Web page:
A Hamilton father of three was driven to succeed for the betterment of his community as well as his family.
“I always wanted to give people the best chance in life,” says Te Mingi Elliott.
Te Mingi supports people living with schizophrenia, bipolar disorder, depression, major anxieties, psychosis, and alcoholism, many with a dual diagnosis.
The hard work and study supported his passion for helping people in the community
“My role as Tu Awhina (Support Worker) is to support whānau, or whai ora on their journey of recovery. We ensure their needs are met before we integrate them back into the community,” says Te Mingi. Whai ora are referred to his Clinical team, Te Awhi (Awhi Mai) from the Henry Rongomau Bennett mental health facility in Hamilton.
Awhi Mai provides mental health and addictions support for whānau across a range of cultures and nationalities in Waikato and Whangārei.
Te Mingi was keen to upskill to better support his whai ora. But getting qualified also promised an increase in salary, which meant a better outcome for his family.
However, studying hadn’t been a big part of his life, and he admits it wasn’t one of his strengths.
When his manager, June Tauranga, encouraged him to enrol in a Careerforce | Te Pūkenga supported apprenticeship, he felt quite uneasy about the prospect, having not done any learning in a while.
So began his challenging journey.
Attending study sessions and noho marae helped Te Mingi succeed
With his main driver to succeed with the apprenticeship, being his children, the hard work and dedication soon kicked in.
Te Mingi attended almost every study session provided by Careerforce, over evenings and weekends as well as a two-day noho marae event. With support from Careerforce advisor Naida King, Alyssia Paekau, and the commitment from his employer Te Awhi, Te Mingi successfully graduated with a New Zealand Apprenticeship in Mental Health and Addiction Support.
Te Mingi says that his on-job based study has supported his passion for helping people in the community.
“Whai ora go into hospital at their most unwell and through the journey of recovery, become stabilised. Some need a bit more time before fully integrating back into the community and this is where we can step in.” says Te Mingi.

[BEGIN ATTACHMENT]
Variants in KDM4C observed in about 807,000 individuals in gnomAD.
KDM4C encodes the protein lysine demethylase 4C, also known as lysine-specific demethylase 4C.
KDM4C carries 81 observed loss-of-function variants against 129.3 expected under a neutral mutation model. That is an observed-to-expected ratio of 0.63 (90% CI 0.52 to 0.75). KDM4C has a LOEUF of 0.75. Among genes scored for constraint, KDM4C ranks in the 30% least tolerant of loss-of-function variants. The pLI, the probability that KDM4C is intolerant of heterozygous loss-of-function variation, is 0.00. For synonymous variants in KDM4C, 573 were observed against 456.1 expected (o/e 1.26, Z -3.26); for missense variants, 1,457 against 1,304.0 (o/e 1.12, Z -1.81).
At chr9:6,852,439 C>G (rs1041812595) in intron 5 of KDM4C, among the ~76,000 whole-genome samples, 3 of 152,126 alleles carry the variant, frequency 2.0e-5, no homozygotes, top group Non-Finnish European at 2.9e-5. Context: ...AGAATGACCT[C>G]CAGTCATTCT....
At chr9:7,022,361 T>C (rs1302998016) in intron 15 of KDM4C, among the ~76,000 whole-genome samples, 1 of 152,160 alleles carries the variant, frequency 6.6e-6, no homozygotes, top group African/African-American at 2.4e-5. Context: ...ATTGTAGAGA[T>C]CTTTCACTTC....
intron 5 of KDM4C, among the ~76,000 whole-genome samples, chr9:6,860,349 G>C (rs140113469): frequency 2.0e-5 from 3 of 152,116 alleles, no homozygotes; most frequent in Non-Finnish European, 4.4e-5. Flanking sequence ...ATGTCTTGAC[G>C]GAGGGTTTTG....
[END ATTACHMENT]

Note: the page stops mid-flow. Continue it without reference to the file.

“We ensure that the community supports them and that they have a good wrap around service. Tu Whānau or whai ora may need GP appointments, dental and other social needs, and we also refer them to rental services, depending on their needs.
“We advocate on their behalf so that their financial situation is in order before moving back out into the community. For example, their benefits may have stopped and we can get that ball rolling for them.
“One of the biggest things is trying to connect our Tu whānau or whai ora with their own whānau, or friends or relatives, and help to mend the bridges that some may have burnt, on their journey.”
Prior to the apprenticeship, while employed as an Orderly/Security at Lower Hutt Hospital, Te Mingi had completed a Level 3 Health and Wellbeing qualification, also with Careerforce. But embarking on an apprenticeship was a much bigger undertaking.
“There was that feeling of uncertainty. I worried how difficult would it be for me to understand and answer the questions appropriately.
“When I’m on a roll, I can flow very well, but if I’m hitting barriers and can’t interpret questions, that’s when I struggle the most.
“The hardest thing for me was putting my thoughts onto paper.”
Plenty of support from Careerforce Apprenticeship Advisors
All Careerforce apprentices are assigned a dedicated apprenticeship advisor who provides pastoral care and support throughout their learning. Careerforce Apprenticeship Advisor Naida King was assigned to Te Mingi.
“I could not have done it if not for my advisors. Naida was very supportive.
“There were times when I would ask Naida some one-on-one stuff. I was able to talk about something and give an explanation or show my understanding to check I was correct with the answer.
“I struggled, but persevered as I wasn’t going to give in lightly. I continued to stay strong.”
One of the key things that Te Mingi took from his learning was self-reflection.
“When I first started, I didn’t like to analyse people because I felt I was being judgemental, without understanding their life journey. But in this work, in mental health, I had to start learning to analyse things.
“Have things not gone as planned or as you hope they may have? You go away from the situation and mull it over it for a bit and you come out with a different perspective.”
Careerforce apprenticeship advisor, Naida King says, “Te Mingi has worked incredibly hard, attending so many of the out of hours sessions that fellow Careerforce advisor Alyssia (Paekau) and I have run on Saturdays and Monday nights. Not only was he passionate about his own learning, but he also showed great awhi for others on their journey, making sure the times that I came in were the best fit for everyone.”
Te Mingi adds, “I do believe that if you’re eager to get it done and dusted, you should attend as many sessions as possible. I have already recommended the apprenticeship programme to my colleagues.”
For more information about the Mental Health and Addiction Support Apprenticeship, please contact Careerforce, a business division of Te Pūkenga. Eligible employers can also receive $500/mth Apprenticeship Boost payments for apprentices within their first 24 months, available until December 2024.